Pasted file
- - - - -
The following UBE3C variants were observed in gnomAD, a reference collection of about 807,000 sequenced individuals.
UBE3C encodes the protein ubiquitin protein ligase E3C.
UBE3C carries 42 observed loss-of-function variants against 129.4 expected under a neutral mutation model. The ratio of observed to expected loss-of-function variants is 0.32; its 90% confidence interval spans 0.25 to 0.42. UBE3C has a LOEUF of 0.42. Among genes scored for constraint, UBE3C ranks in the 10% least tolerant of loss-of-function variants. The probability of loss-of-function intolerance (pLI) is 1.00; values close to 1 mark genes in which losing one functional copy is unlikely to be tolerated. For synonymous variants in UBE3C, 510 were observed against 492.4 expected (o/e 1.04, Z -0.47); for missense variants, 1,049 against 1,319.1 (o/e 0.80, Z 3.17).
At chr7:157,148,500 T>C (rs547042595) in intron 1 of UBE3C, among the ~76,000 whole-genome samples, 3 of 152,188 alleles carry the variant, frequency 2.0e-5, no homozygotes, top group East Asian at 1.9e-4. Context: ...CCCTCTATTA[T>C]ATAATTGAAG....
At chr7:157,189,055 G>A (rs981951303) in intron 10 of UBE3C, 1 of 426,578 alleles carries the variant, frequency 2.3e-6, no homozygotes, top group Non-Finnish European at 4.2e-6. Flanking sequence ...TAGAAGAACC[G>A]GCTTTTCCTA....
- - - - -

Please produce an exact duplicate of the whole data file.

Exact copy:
The following UBE3C variants were observed in gnomAD, a reference collection of about 807,000 sequenced individuals.
UBE3C encodes the protein ubiquitin protein ligase E3C.
UBE3C carries 42 observed loss-of-function variants against 129.4 expected under a neutral mutation model. The ratio of observed to expected loss-of-function variants is 0.32; its 90% confidence interval spans 0.25 to 0.42. UBE3C has a LOEUF of 0.42. Among genes scored for constraint, UBE3C ranks in the 10% least tolerant of loss-of-function variants. The probability of loss-of-function intolerance (pLI) is 1.00; values close to 1 mark genes in which losing one functional copy is unlikely to be tolerated. For synonymous variants in UBE3C, 510 were observed against 492.4 expected (o/e 1.04, Z -0.47); for missense variants, 1,049 against 1,319.1 (o/e 0.80, Z 3.17).
At chr7:157,148,500 T>C (rs547042595) in intron 1 of UBE3C, among the ~76,000 whole-genome samples, 3 of 152,188 alleles carry the variant, frequency 2.0e-5, no homozygotes, top group East Asian at 1.9e-4. Context: ...CCCTCTATTA[T>C]ATAATTGAAG....
At chr7:157,189,055 G>A (rs981951303) in intron 10 of UBE3C, 1 of 426,578 alleles carries the variant, frequency 2.3e-6, no homozygotes, top group Non-Finnish European at 4.2e-6. Flanking sequence ...TAGAAGAACC[G>A]GCTTTTCCTA....